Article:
Drexel you might recall is no longer around, it went bankrupt in February of 1990. Milken had already been arrested and indicted for securities fraud in 1989 a year after Drexel pleaded guilty to six felony violations of security laws. None of this has anything to do with CDOs but it is interesting to know the lineage of this financial hell spawn. You might also want to know that in 1994 the General Accounting Office (GAO) would report; "when Drexel Burnham Lambert failed in 1990, federal involvement was necessary to keep payments flowing among Drexel's various debtors and creditors and to avoid financial system gridlock." [ 1 ] The GAO always does such excellent investigative work and nobody in the US government seems to read these reports, nobody, never ever! Or maybe they do and willfully (gleefully?) choose to ignore them.
Once you open a can of worms
Now we get to the synthetic CDO. This is a Collateralised Debt Obligation that is composed of Credit Default Swaps instead of the physical debt securities. Reality twice removed. But wait that's not all. Typically these synthetic CDOs contain CDSs from over 100 companies and then the CDO is sliced into several tranches and sold separately. The tranches are not all equal. There is a high-yield, high-risk slice and safer (that is a relative term) and a low-yield slice and maybe one or two slices in the middle. The problem is once you have a slice of 100 companies Credit Default Swaps which are bets on a bond or loan and the bond or loan goes bad what do you do?
The idea (which also sunk Long Term Capital Management) was that the good times would roll forever and very few of the underlying real debts would go bad. When too many start to go bad then the buyers of the tranches start to panic because they hear the ticking and don't know in which case the bomb is hidden. They start to abandon the game all at once. As we all know, an empty casino loses money
Other Financial Terms Explained - From Annuities to Working Capital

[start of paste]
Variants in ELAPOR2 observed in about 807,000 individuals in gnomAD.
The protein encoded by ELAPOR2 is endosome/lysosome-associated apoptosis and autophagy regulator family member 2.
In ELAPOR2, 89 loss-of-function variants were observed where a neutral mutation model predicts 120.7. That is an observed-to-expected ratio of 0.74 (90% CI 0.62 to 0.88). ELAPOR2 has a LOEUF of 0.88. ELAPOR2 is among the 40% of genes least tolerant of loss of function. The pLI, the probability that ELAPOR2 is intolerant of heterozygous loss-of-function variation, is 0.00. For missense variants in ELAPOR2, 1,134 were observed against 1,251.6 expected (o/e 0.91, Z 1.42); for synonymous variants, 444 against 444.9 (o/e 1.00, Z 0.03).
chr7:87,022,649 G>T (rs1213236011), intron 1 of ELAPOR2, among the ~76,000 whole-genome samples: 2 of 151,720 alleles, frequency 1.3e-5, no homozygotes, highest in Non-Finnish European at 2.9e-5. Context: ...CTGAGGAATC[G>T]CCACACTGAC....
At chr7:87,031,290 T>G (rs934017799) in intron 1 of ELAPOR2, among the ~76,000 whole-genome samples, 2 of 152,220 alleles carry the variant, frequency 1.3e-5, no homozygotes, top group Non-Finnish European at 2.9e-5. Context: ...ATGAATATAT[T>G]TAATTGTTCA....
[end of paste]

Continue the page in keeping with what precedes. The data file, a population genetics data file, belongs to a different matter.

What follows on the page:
For more information
The financial market in the United States is extremely complex and it used to be that the average person could avoid most of the financial jargon while conducting their business. However, these days you practically need a degree in economics to understand all the terms of a home loan or retirement account. Thanks to the media, many people are now familiar with terms like sub-prime mortgages, balloon payments and asset backed securities but if you are looking to learn more about common financial terms and types of loans, savings accounts and so on, here are some resources.
- Nonprofitfinancefund.org/financial-terms - A good site to bookmark so that you can look up basic financial terms that you are unfamiliar with
- Treasurer.indiana.edu/banking/banking_terms.html - Another financial dictionary, more focused on banking terms such as equity indexed annuities.
- Money.cnn.com/retirement/guide/annuities_equityindexed.moneymag/index.htm - Retirement plan advice from Money Magazine.
- Annuityassist.com/pros-and-cons-of-annuities/equity-indexed-annuity-guarantees - Is your financial planner making your eyes glaze over with terms like equity indexed annuities and Roth IRAs? Learn more here.
- Insurance.illinois.gov/Life_Annuities/equityindex.asp - Annuities are a popular investment tool at the moment. Get an objective look at the different types of annuities here.
- Retireplan.about.com/od/glossary/Glossary_of_Retirement_Planning_Terms.htm - A glossary of common retirement plan terms and types of retirement accounts
[ 1 ] General Accounting Office, Financial Derivatives: Actions Needed to Protect the Financial System (Washington, DC: General Accounting Office, May 1994). Pg. 43
[ 2 ] Surviving the Cataclysm, Webster G. Tarpley